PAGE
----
C-reactive protein, leukocyte count and absolute neutrophil count as diagnostic markers are examined with variable results. Procalcitonin is a relatively new marker of bacterial infection, which has the advantage of more rapid and specific induction compared to the other markers.

Observational
Observational Model: Case Control
Time Perspective: Prospective
Not Provided
Retention:   Samples With DNA
Description:

Patients with acute tonsillitis:

  • Oral temperature, streptococcal rapid antigen detection test, Tonsil surface swab for microbiological culture and a blood sample (measuring the infection markers: Procalcitonin, C-reactive protein, White blood cell count and Absolute neutrophile count).

Healthy control patients:

  • Tonsil surface swab for microbiological culture.
Probability Sample

Patients with acute tonsillitis aged 15 to 40 years consulting their general practitioner with signs and symptoms of acute tonsillitis meeting to or more of Centors criteria.

Healthy control patients aged 15 to 40 years consulting their general practitioner in other reason than infection.

Streptococcal Acute Tonsillitis
Not Provided
  • Acute tonsillitis
    Patients with acute tonsillitis aged 15 to 40 years meeting at least two of Centors criteria.
  • Healthy control patients
    Control patients aged 15 to 40 years.

*   Includes publications given by the data provider as well as publications identified by ClinicalTrials.gov Identifier (NCT Number) in Medline.
 
Recruiting
200
March 2013
March 2013   (final data collection date for primary outcome measure)

Patients with acute tonsillitis:

Inclusion Criteria:

  • Age between 15 and 40 years.
  • Subjective and objective signs of Acute Tonsillitis + presents of 2-4 Centor Criteria.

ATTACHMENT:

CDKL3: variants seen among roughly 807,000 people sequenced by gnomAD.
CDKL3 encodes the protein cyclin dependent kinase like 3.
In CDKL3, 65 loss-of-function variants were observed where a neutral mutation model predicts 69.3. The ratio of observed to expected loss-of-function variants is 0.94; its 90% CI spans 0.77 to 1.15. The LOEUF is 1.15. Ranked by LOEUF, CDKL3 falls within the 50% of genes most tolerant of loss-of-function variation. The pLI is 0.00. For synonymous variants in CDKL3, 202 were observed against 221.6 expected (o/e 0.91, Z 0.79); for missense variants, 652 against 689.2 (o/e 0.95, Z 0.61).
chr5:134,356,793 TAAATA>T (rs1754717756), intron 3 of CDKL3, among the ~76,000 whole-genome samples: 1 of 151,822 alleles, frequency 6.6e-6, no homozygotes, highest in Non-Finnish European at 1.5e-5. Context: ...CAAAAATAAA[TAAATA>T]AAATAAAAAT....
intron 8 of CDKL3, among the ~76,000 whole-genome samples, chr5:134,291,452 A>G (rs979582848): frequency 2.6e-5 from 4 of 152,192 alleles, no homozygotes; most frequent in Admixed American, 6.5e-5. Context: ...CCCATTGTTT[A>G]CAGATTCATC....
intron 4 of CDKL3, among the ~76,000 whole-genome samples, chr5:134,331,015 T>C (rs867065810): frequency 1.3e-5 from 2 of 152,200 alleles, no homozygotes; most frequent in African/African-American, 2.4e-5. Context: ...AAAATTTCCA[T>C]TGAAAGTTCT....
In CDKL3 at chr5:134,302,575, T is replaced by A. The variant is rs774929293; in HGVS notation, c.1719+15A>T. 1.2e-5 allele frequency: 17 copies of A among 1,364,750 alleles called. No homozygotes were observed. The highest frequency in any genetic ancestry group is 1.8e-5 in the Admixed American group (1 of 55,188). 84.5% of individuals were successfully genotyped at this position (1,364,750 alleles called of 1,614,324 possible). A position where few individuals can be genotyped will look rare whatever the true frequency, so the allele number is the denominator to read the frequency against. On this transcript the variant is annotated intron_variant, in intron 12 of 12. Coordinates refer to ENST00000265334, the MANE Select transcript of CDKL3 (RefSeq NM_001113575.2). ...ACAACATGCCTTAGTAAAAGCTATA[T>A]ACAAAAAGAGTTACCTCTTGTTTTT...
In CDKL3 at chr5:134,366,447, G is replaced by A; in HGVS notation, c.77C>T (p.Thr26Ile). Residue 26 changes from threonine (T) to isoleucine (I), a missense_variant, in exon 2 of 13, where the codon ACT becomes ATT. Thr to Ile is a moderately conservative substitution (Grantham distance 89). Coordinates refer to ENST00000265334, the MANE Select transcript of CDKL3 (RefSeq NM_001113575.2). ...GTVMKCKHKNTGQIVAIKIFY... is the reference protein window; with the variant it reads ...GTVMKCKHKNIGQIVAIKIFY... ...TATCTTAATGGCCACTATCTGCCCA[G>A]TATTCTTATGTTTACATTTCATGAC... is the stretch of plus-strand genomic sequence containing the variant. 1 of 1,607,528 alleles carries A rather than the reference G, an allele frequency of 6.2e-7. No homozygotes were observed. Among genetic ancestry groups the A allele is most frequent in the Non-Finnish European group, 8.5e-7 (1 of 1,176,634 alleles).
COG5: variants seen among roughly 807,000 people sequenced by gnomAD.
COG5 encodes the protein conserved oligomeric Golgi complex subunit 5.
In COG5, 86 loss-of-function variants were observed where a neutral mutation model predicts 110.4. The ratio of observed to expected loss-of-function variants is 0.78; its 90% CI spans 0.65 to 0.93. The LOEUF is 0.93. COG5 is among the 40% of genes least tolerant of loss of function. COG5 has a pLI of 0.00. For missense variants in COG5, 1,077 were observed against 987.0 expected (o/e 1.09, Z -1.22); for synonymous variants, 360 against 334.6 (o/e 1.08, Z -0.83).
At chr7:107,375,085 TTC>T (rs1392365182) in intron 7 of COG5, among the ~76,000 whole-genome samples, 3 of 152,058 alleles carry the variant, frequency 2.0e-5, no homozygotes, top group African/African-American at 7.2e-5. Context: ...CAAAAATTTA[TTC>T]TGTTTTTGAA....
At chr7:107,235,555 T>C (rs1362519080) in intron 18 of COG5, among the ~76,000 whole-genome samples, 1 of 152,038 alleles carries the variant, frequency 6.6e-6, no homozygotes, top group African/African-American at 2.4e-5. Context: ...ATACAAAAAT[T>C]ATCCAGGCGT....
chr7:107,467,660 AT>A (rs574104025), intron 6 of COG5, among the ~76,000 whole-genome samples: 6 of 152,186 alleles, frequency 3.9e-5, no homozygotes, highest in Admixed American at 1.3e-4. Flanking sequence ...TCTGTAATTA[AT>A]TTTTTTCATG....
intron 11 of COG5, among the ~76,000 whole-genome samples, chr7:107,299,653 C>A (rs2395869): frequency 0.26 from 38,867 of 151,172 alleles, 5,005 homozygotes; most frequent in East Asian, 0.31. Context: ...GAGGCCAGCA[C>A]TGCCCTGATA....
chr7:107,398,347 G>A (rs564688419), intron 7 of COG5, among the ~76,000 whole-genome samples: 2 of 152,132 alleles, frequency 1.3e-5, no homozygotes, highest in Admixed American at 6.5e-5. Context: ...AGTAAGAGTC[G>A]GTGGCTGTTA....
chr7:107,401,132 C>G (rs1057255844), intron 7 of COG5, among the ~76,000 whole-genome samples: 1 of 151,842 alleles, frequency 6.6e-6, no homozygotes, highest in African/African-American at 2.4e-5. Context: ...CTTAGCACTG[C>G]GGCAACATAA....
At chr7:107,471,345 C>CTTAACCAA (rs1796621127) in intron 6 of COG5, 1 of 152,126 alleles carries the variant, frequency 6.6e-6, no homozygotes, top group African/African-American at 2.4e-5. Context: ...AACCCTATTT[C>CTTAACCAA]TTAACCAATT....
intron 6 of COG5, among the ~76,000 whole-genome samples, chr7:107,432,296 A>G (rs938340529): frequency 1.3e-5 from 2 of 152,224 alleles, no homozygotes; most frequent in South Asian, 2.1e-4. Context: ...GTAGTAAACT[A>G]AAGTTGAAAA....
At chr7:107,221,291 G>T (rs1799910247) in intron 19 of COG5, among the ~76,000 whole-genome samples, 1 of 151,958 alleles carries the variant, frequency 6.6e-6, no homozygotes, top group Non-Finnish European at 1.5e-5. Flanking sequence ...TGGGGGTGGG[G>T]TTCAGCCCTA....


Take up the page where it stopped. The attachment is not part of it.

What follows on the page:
• participation accept after verbal and written information.

Exclusion Criteria:

  • Antibiotic treatment within the last month.
  • Other infection within the last month.
  • Inadequate tonsil swabs due to lack of cooperation.
  • Suspicion of peritonsillar abscess

Control patients:

Inclusion criteria:

  • Age between 15 and 40 years.
  • Participation accept after verbal and written information.

Exclusion Criteria:

  • Antibiotic treatment within the last month.
  • Infection within the last month.
  • Tonsillectomy
  • More than 2 cases of acute tonsillitis within the last 12 months.
Both
15 Years to 40 Years
No
Contact: Ann MG Christensen, medical student +45 28740001 ann.mgc@hotmail.com
Contact: Tejs E Klug, MD +45 51604046 tejsehlersklug@hotmail.com
Denmark
 
NCT01657968
1-10-72-321-12, 2007-58-0010
Yes
Ann Christensen, Aarhus University Hospital
Aarhus University Hospital
Skodstrup Medical Clinic, Denmark
Study Director: Tejs E Klug, MD Aarhus University Hospital
Study Director: Therese Ovesen, DMSc Aarhus University Hospital
Aarhus University Hospital
January 2013

ICMJE     Data element required by the International Committee of Medical Journal Editors and the World Health Organization ICTRP